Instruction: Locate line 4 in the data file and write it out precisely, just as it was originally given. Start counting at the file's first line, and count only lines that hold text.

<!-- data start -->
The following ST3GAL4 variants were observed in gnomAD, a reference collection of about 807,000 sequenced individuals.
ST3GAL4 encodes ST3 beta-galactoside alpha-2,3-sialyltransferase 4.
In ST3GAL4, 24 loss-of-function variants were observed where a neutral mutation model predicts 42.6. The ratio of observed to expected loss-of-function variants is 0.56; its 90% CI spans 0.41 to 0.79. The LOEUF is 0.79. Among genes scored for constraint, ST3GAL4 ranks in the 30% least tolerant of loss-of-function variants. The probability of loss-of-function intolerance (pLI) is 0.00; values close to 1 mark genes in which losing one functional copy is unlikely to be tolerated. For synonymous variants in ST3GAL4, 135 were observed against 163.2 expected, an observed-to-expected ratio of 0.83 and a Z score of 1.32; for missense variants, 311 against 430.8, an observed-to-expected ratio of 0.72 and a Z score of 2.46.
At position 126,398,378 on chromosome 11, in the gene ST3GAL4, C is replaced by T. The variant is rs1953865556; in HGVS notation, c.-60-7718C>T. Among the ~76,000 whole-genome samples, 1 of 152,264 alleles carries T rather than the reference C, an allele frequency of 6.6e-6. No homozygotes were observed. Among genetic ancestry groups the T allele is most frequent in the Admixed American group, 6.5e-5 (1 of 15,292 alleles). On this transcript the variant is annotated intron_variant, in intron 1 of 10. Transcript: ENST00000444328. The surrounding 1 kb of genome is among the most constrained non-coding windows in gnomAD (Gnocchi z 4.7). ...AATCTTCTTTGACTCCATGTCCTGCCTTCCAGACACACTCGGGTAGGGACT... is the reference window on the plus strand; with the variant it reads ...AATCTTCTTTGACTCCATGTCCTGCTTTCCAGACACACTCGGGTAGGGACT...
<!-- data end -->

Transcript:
At position 126,398,378 on chromosome 11, in the gene ST3GAL4, C is replaced by T. The variant is rs1953865556; in HGVS notation, c.-60-7718C>T. Among the ~76,000 whole-genome samples, 1 of 152,264 alleles carries T rather than the reference C, an allele frequency of 6.6e-6. No homozygotes were observed. Among genetic ancestry groups the T allele is most frequent in the Admixed American group, 6.5e-5 (1 of 15,292 alleles). On this transcript the variant is annotated intron_variant, in intron 1 of 10. Transcript: ENST00000444328. The surrounding 1 kb of genome is among the most constrained non-coding windows in gnomAD (Gnocchi z 4.7). ...AATCTTCTTTGACTCCATGTCCTGCCTTCCAGACACACTCGGGTAGGGACT... is the reference window on the plus strand; with the variant it reads ...AATCTTCTTTGACTCCATGTCCTGCTTTCCAGACACACTCGGGTAGGGACT...